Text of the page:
At 4:20 p.m. on July 12, 1990, the investigator and other police officers executed the search of Apartment One at 4158 Rahn Road. Appellant Timothy Otis was present. While searching Otis, officers found a plastic bag containing a substance later identified as cocaine. Otis was charged with fifth degree possession of a controlled substance. Minn.Stat. § 152.025, subd. 2(1) (Supp.1989).

At the omnibus hearing, Otis moved to suppress evidence of the cocaine arguing probable cause did not support issuance of the search warrant. The trial court concluded probable cause to search "other individuals present" on the premises did not exist. The trial court suppressed the evidence and dismissed the complaint. But later, on its own motion, the trial court vacated the dismissal order and reinstated the complaint against Otis, concluding probable cause justified the search. Otis agreed to stipulate to the facts and was tried by the court. The trial court found him guilty of fifth degree possession of a controlled substance.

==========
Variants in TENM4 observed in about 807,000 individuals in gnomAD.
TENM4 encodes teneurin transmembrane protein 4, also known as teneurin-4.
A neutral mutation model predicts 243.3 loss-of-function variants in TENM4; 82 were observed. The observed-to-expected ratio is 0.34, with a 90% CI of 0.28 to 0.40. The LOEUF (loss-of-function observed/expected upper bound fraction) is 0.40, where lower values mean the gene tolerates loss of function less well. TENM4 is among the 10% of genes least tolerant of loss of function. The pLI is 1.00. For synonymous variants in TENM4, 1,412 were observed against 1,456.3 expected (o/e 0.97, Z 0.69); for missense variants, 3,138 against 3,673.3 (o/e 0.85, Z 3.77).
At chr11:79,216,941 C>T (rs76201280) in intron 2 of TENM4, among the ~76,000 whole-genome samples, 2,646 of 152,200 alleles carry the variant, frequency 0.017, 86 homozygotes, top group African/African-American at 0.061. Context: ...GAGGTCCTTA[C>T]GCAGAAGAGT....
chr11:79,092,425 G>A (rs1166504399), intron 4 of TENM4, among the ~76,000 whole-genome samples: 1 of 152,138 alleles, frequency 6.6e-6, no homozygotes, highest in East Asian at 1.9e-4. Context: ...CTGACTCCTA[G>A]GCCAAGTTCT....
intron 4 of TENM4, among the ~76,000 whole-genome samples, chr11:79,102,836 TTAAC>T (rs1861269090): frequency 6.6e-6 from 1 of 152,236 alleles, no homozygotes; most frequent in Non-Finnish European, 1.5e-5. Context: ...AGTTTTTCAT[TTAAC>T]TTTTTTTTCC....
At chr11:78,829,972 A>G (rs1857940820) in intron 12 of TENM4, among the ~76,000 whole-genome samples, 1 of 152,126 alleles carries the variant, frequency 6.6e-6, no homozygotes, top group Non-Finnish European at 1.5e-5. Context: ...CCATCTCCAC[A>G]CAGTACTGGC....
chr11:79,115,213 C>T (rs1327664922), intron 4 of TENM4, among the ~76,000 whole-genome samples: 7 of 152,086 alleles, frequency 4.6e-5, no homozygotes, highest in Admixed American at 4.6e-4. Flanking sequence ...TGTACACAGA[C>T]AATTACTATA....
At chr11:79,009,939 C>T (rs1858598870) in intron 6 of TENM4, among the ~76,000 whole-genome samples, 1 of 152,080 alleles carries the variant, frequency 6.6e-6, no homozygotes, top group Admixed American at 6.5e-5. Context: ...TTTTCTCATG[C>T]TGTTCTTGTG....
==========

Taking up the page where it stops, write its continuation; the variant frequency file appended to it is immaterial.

Was the search of appellant pursuant to a warrant authorizing a search of "other individuals present" on the premises unconstitutional?


In determining the sufficiency of a search warrant affidavit, the trial court is to make

*930 a practical, common-sense decision whether, given all the circumstances set forth in the affidavit before [it], including the `veracity' and `basis of knowledge' of persons supplying hearsay information, there is a fair probability that contraband or evidence of a crime will be found in a particular place.

State v. McCloskey, 453 N.W.2d 700, 702 (Minn.1990) (quoting Illinois v. Gates, 462 U.S. 213, 238, 103 S. Ct. 2317, 2332, 76 L. Ed. 2d 527 (1983)). This court defers to the trial court's probable cause determination, and will uphold it if there is a "substantial basis" supporting the determination. McCloskey, 453 N.W.2d at 703.